Grand Prix: The Killer Years
by Eileen Marable
The Legacy of the Killer Years
The fiery crashes recently seen at the Daytona 500 are a testimony to how racing has changed over the years. With the Daytona crash, Danica Patrick walked away. Formula One racers of the 1960s and 1970s weren’t so lucky. Racing was a dance with death. These were the Killer Years.
What was so wrong with Formula One racing during this period? Why were there a shocking 57 driver deaths from 1961 through 1973? What gruesome events finally forced a change in the racing culture for good?
Grand Prix: The Killer Years, airing Sunday, March 4 at 8:00 pm E/P is an uncompromising look at just what was going on in racing during those years, and is a tribute to those drivers whose deaths eventually forced a change. This is their story.
What Was Wrong?
The 60s marked a time when rapid developments in mechanics, technology and aerodynamics were increasing the speed of cars. Drivers were often clocked at well over 150mph during test and racing runs. Unfortunately the rest of racing industry didn’t progress as quickly as the speed of the cars.
The decade started with very little safety features for the drivers – protective neck and headgear was minimal and seatbelts were just starting to see the light of day. Even those who experimented with them were often afraid they’d do more harm than good.
Fire retardant driver suits were the extent of real safety innovation that was universally adopted at the time.
The uncomfortable truth was that safety was an afterthought and the possibility of death was an accepted risk associated with the sport. Racing was meant to be fast and raw – an adrenaline packed undertaking that allowed the racing fan to live vicariously through the feats of the drivers.
As for the drivers, one can’t deny the desire to win. Real men, real racers were expected to carry on or let the up and comers take their place on the podium.
Beyond the lack of safety in the cars, the racetracks themselves didn’t keep up with the times. Barriers or “safety walls” were not able to deal with the impact of speeding cars. Track staff were also not equipped to deal with accidents – often lacking basic safety equipment such as fire extinguishers or fire suits to assist when crashes occurred.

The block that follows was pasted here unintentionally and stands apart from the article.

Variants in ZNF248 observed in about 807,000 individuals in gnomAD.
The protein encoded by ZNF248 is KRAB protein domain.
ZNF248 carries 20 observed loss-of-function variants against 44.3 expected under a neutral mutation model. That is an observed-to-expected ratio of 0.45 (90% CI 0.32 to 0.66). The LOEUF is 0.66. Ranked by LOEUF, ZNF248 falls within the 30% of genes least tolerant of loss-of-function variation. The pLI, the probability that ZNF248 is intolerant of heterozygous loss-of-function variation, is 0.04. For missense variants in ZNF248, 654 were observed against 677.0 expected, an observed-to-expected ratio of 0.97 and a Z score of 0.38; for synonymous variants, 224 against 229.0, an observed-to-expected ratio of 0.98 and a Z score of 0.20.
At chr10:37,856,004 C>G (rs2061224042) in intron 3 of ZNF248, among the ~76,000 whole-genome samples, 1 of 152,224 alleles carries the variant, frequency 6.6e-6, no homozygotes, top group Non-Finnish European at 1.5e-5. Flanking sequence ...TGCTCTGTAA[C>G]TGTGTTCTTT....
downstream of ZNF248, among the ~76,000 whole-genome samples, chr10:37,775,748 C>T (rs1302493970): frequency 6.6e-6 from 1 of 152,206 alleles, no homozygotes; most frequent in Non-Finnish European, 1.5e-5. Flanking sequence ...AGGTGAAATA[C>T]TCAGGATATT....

The Crashes That Changed Everything
Due to this perfect storm of speed and lack (some would say disregard) of safety precautions throughout the sport led to the tragic number of deaths in the period.
Many promising racers perished, rocking the racing community to its core. Notable up and comers Jim Clark was killed in 1968, and Jochen Rindt died in 1970 and their deaths among the others of the period should have been enough. Unfortunately it took two more terrible events before change was adopted.
In 1966 popular and winning racer Jackie Stewart – who counts among his many achievements three World Driver Championship wins – had a crash at the Belgian Grand Prix. Rainy conditions caused a few crashes at that race, but it was Stewarts’s crash, that sent his car overturned into a safety barrier.
Upside down with his car leaking fuel, Stewart struggled to escape before a fire started. Shockingly, race marshals did nothing to help him get out of the car. Fellow racer Bob Bondurant – who had also crashed – was the one who had to pry him from his car. Despite muddled medical care and a long trip to the hospital Stewart survived.
The terrifying crash incensed Stewart and he became a voice for the drivers who, after watching so many of their friends die, were starting to reconsider the dangers they faced when they got in their cars. Stewart started calling for changes in the sport and even brought his own doctor to the races to ensure his safety.